Monday, November 14, 2011

The Borrower

Lucy Hull is a twenty-six year old Russian-American woman who graduated from Mount Holyoke with an English degree. At the end of college, she broke up with her boyfriend and systematically worked her way down a list of connections provided by the Career Development Office. That's how she ends up as the unlicensed children's librarian in a town in Missouri, working for an alcoholic director and feeling utterly alone.

p. 8: "At twenty-six I was the head children's librarian only because I was willing to work more hours than the other two (much older) women, Sarah-Ann and Irene, who seemed to see the library as some kind of volunteer work, like a soup kitchen.
'We're so lucky they give us their time,' said Loraine. Which was true, as they were often busy remodeling entire rooms. I was four years out of college, had started biting my nails again, and was down to two adult friends. I lived alone in an apartment two towns over. A simple maiden lady librarian."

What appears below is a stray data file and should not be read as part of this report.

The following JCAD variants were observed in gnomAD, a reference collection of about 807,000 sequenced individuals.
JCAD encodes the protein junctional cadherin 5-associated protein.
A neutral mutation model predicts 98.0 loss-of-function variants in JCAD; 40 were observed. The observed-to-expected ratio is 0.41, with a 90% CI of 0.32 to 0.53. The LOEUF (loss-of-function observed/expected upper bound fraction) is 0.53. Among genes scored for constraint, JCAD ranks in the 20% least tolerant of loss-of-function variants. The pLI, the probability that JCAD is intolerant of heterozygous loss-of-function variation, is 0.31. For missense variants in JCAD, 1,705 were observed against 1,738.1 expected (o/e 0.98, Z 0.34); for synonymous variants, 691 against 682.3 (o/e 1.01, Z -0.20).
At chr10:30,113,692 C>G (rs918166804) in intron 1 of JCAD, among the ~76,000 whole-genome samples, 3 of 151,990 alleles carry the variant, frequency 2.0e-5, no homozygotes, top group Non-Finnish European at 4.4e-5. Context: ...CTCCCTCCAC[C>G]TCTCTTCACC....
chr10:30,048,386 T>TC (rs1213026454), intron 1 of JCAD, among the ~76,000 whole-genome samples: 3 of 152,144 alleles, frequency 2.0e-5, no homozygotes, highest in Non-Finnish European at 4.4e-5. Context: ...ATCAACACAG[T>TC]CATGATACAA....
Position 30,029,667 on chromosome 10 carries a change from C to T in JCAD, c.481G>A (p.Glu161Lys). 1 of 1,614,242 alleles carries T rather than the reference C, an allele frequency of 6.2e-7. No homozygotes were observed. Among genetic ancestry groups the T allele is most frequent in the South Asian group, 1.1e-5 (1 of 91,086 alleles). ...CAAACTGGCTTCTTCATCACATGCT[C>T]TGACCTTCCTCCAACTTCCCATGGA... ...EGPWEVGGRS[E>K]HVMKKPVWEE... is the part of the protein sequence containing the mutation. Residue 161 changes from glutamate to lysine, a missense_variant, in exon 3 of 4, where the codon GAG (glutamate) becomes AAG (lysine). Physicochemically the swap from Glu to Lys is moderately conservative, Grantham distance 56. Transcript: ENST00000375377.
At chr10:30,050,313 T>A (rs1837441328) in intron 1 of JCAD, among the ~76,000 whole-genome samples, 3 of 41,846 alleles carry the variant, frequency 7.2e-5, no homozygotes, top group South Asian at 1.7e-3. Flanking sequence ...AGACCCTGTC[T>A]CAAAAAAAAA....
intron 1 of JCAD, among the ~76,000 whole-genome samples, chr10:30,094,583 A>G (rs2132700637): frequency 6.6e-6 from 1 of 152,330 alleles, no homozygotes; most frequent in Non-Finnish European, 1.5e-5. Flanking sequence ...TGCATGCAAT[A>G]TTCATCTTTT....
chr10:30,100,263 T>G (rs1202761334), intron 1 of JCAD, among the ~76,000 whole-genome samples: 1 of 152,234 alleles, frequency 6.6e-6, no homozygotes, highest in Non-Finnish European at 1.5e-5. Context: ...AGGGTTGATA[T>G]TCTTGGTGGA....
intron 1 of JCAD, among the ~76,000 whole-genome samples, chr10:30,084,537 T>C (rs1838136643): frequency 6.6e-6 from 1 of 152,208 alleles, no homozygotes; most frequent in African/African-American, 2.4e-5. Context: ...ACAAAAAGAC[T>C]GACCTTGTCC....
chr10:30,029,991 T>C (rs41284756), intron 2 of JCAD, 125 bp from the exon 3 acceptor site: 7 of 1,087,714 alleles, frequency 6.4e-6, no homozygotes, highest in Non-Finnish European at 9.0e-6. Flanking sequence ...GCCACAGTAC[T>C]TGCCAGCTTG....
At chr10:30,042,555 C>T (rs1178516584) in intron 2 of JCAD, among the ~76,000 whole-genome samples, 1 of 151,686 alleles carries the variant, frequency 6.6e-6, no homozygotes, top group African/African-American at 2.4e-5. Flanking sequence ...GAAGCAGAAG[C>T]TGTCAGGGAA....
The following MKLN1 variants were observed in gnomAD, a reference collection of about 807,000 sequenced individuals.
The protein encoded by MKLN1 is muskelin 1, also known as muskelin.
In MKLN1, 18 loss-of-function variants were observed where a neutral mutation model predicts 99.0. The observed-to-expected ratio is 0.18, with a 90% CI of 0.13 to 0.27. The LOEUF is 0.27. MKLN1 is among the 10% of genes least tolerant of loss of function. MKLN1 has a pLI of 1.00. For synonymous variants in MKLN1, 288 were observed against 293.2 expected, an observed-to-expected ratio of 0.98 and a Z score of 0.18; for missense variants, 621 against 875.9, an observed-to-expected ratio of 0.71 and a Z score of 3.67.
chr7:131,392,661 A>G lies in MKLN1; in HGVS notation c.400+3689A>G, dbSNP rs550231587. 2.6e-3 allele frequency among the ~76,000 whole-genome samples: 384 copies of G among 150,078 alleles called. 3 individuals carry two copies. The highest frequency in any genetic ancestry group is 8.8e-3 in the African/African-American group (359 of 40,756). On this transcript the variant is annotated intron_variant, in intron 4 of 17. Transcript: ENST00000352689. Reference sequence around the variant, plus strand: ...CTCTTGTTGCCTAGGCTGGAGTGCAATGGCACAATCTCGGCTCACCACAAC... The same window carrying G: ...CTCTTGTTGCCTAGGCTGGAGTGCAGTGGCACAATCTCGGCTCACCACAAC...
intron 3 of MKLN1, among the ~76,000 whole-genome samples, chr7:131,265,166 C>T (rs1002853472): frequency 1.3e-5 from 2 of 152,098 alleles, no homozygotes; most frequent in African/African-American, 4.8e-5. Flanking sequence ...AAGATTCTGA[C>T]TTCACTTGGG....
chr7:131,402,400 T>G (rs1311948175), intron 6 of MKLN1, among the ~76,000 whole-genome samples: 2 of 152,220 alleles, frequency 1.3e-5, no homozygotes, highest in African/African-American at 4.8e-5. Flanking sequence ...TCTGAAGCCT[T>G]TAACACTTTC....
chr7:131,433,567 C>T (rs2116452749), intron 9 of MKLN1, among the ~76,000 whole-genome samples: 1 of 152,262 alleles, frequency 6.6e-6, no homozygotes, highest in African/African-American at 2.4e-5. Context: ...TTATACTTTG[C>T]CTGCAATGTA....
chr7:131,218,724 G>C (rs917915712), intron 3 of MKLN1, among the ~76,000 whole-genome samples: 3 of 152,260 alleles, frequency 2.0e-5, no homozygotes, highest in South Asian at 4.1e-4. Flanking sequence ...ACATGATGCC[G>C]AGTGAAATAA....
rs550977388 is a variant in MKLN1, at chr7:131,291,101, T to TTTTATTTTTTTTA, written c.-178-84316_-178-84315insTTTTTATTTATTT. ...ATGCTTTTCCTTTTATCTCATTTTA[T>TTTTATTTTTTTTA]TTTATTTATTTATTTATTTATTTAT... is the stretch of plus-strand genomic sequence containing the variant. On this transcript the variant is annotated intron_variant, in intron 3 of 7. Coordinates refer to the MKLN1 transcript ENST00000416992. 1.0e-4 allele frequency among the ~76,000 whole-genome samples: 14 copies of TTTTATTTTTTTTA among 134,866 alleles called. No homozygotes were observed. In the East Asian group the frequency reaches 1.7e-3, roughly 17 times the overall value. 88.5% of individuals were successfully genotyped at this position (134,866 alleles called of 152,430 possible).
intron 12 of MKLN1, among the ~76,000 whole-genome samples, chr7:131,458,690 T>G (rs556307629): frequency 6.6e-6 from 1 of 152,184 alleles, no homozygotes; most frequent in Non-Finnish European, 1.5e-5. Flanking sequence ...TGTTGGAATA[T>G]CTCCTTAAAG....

Good, but I found I enjoyed the first third of the book far more than the remaining two thirds. Something about what could have been her standoffishness came across as a lack of character depth. She was so unknowing about why she was doing what she did that I had trouble following her actions with empathy--along the lines of, "if she doesn't know why she's doing what she's doing, then how can I understand her motives?" I spent time wishing that there was an omniscient narrator who could shed light on her views.

But still, it's definitely a good book and well worth the reading. Enjoy!

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